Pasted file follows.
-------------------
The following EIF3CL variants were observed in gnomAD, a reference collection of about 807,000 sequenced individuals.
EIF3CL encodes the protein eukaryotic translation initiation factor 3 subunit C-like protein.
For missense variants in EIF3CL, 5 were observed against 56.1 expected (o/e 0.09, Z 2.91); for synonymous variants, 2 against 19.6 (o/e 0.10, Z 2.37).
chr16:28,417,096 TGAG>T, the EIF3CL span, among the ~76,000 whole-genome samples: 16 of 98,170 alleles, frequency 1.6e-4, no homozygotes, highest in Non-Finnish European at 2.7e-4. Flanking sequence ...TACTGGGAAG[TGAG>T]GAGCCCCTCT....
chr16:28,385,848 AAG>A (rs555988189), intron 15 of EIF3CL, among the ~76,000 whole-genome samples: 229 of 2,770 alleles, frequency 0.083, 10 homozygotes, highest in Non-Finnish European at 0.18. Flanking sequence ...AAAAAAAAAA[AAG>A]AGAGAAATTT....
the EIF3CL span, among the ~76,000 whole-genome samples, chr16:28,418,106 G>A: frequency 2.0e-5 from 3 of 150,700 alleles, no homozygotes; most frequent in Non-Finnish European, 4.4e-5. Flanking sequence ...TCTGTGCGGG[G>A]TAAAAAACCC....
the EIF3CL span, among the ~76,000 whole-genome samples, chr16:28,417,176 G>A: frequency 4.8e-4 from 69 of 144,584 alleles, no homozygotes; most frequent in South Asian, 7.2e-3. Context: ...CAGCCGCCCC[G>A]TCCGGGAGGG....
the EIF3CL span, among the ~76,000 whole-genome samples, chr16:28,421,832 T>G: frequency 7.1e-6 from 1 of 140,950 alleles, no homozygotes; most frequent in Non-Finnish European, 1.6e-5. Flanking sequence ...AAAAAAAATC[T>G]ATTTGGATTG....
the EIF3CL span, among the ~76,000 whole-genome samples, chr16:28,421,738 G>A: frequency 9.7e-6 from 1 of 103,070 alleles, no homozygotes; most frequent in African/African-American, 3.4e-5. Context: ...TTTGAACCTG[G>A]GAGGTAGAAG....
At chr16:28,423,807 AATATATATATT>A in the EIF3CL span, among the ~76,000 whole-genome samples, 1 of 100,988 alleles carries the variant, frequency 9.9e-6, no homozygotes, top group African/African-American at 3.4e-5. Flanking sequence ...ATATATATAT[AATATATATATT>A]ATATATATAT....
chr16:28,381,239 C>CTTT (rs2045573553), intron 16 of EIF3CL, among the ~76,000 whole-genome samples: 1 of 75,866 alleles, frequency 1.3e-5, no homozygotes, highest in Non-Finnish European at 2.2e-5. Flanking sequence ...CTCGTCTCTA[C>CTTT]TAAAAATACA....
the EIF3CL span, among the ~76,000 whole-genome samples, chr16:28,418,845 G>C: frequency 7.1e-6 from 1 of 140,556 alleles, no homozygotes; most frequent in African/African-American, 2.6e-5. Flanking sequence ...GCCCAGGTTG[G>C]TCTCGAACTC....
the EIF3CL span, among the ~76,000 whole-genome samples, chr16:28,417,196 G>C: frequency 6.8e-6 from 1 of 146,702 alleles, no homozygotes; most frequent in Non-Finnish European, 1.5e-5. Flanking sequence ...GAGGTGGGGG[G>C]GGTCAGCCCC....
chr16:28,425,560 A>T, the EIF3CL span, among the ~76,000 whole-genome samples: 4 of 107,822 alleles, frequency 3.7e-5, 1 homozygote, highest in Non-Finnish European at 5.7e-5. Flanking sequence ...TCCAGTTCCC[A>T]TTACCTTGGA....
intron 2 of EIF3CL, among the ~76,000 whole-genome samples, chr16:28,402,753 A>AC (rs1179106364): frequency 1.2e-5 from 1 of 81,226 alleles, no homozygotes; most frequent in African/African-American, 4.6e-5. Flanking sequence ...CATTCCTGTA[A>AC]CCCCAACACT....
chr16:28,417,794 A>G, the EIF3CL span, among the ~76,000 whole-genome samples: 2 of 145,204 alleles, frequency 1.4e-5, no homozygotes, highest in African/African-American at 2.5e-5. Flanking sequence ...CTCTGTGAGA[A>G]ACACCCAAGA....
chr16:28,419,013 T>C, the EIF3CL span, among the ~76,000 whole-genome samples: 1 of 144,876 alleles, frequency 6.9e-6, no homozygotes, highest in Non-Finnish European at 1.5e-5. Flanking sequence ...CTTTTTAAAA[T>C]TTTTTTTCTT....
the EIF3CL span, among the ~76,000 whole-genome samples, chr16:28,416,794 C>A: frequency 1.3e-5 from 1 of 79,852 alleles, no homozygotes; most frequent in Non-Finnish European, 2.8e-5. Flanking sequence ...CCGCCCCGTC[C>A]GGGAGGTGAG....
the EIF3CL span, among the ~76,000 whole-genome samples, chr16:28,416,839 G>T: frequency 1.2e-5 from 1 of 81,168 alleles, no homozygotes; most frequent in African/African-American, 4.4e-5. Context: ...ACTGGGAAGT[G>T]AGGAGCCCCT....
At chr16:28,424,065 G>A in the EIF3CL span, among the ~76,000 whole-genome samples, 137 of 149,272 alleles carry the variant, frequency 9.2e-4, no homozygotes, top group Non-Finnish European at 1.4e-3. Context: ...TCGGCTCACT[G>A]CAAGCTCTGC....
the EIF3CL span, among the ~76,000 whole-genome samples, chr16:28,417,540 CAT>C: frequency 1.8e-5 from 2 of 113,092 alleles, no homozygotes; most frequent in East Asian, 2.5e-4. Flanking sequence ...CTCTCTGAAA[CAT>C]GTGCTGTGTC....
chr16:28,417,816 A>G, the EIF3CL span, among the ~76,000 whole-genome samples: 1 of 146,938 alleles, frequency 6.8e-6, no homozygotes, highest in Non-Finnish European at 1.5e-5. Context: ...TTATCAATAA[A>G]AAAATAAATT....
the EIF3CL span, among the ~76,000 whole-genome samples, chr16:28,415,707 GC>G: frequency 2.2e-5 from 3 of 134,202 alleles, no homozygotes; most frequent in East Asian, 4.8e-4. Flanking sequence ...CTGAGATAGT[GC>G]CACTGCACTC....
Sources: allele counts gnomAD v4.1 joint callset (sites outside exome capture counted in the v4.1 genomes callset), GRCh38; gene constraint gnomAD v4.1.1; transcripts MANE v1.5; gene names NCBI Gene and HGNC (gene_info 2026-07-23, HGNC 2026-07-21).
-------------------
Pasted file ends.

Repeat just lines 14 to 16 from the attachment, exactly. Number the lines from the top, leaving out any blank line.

chr16:28,425,560 A>T, the EIF3CL span, among the ~76,000 whole-genome samples: 4 of 107,822 alleles, frequency 3.7e-5, 1 homozygote, highest in Non-Finnish European at 5.7e-5. Flanking sequence ...TCCAGTTCCC[A>T]TTACCTTGGA....
intron 2 of EIF3CL, among the ~76,000 whole-genome samples, chr16:28,402,753 A>AC (rs1179106364): frequency 1.2e-5 from 1 of 81,226 alleles, no homozygotes; most frequent in African/African-American, 4.6e-5. Flanking sequence ...CATTCCTGTA[A>AC]CCCCAACACT....
chr16:28,417,794 A>G, the EIF3CL span, among the ~76,000 whole-genome samples: 2 of 145,204 alleles, frequency 1.4e-5, no homozygotes, highest in African/African-American at 2.5e-5. Flanking sequence ...CTCTGTGAGA[A>G]ACACCCAAGA....